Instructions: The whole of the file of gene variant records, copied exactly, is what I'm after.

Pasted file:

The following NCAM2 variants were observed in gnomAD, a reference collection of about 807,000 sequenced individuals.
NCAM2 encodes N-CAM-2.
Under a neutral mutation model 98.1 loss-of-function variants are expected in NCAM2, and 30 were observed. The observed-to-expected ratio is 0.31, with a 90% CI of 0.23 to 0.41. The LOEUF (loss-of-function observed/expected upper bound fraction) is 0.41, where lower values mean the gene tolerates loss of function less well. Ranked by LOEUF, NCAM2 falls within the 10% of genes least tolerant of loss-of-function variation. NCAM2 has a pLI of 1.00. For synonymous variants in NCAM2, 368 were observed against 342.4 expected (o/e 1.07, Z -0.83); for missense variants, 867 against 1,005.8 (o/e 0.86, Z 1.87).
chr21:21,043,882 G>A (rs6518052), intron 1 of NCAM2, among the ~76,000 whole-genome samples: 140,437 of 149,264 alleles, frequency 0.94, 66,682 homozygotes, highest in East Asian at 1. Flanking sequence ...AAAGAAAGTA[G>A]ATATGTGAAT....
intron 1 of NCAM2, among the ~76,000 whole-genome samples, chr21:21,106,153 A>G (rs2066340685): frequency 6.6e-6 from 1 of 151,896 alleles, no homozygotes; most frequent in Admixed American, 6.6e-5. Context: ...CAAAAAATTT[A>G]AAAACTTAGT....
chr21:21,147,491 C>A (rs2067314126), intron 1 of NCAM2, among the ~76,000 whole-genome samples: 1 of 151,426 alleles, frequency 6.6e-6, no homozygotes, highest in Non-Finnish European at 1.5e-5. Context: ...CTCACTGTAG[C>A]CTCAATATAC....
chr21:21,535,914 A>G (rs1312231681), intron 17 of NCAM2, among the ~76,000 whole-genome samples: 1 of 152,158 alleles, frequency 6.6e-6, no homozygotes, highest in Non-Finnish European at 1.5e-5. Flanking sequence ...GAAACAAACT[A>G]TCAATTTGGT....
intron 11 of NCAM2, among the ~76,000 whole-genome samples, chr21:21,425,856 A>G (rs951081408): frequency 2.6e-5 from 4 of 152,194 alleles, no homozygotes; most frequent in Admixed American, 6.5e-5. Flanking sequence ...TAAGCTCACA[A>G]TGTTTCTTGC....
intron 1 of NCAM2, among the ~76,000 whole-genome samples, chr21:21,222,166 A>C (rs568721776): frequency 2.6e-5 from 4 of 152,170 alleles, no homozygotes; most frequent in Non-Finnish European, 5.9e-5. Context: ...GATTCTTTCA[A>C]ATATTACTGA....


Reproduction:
The following NCAM2 variants were observed in gnomAD, a reference collection of about 807,000 sequenced individuals.
NCAM2 encodes N-CAM-2.
Under a neutral mutation model 98.1 loss-of-function variants are expected in NCAM2, and 30 were observed. The observed-to-expected ratio is 0.31, with a 90% CI of 0.23 to 0.41. The LOEUF (loss-of-function observed/expected upper bound fraction) is 0.41, where lower values mean the gene tolerates loss of function less well. Ranked by LOEUF, NCAM2 falls within the 10% of genes least tolerant of loss-of-function variation. NCAM2 has a pLI of 1.00. For synonymous variants in NCAM2, 368 were observed against 342.4 expected (o/e 1.07, Z -0.83); for missense variants, 867 against 1,005.8 (o/e 0.86, Z 1.87).
chr21:21,043,882 G>A (rs6518052), intron 1 of NCAM2, among the ~76,000 whole-genome samples: 140,437 of 149,264 alleles, frequency 0.94, 66,682 homozygotes, highest in East Asian at 1. Flanking sequence ...AAAGAAAGTA[G>A]ATATGTGAAT....
intron 1 of NCAM2, among the ~76,000 whole-genome samples, chr21:21,106,153 A>G (rs2066340685): frequency 6.6e-6 from 1 of 151,896 alleles, no homozygotes; most frequent in Admixed American, 6.6e-5. Context: ...CAAAAAATTT[A>G]AAAACTTAGT....
chr21:21,147,491 C>A (rs2067314126), intron 1 of NCAM2, among the ~76,000 whole-genome samples: 1 of 151,426 alleles, frequency 6.6e-6, no homozygotes, highest in Non-Finnish European at 1.5e-5. Context: ...CTCACTGTAG[C>A]CTCAATATAC....
chr21:21,535,914 A>G (rs1312231681), intron 17 of NCAM2, among the ~76,000 whole-genome samples: 1 of 152,158 alleles, frequency 6.6e-6, no homozygotes, highest in Non-Finnish European at 1.5e-5. Flanking sequence ...GAAACAAACT[A>G]TCAATTTGGT....
intron 11 of NCAM2, among the ~76,000 whole-genome samples, chr21:21,425,856 A>G (rs951081408): frequency 2.6e-5 from 4 of 152,194 alleles, no homozygotes; most frequent in Admixed American, 6.5e-5. Flanking sequence ...TAAGCTCACA[A>G]TGTTTCTTGC....
intron 1 of NCAM2, among the ~76,000 whole-genome samples, chr21:21,222,166 A>C (rs568721776): frequency 2.6e-5 from 4 of 152,170 alleles, no homozygotes; most frequent in Non-Finnish European, 5.9e-5. Context: ...GATTCTTTCA[A>C]ATATTACTGA....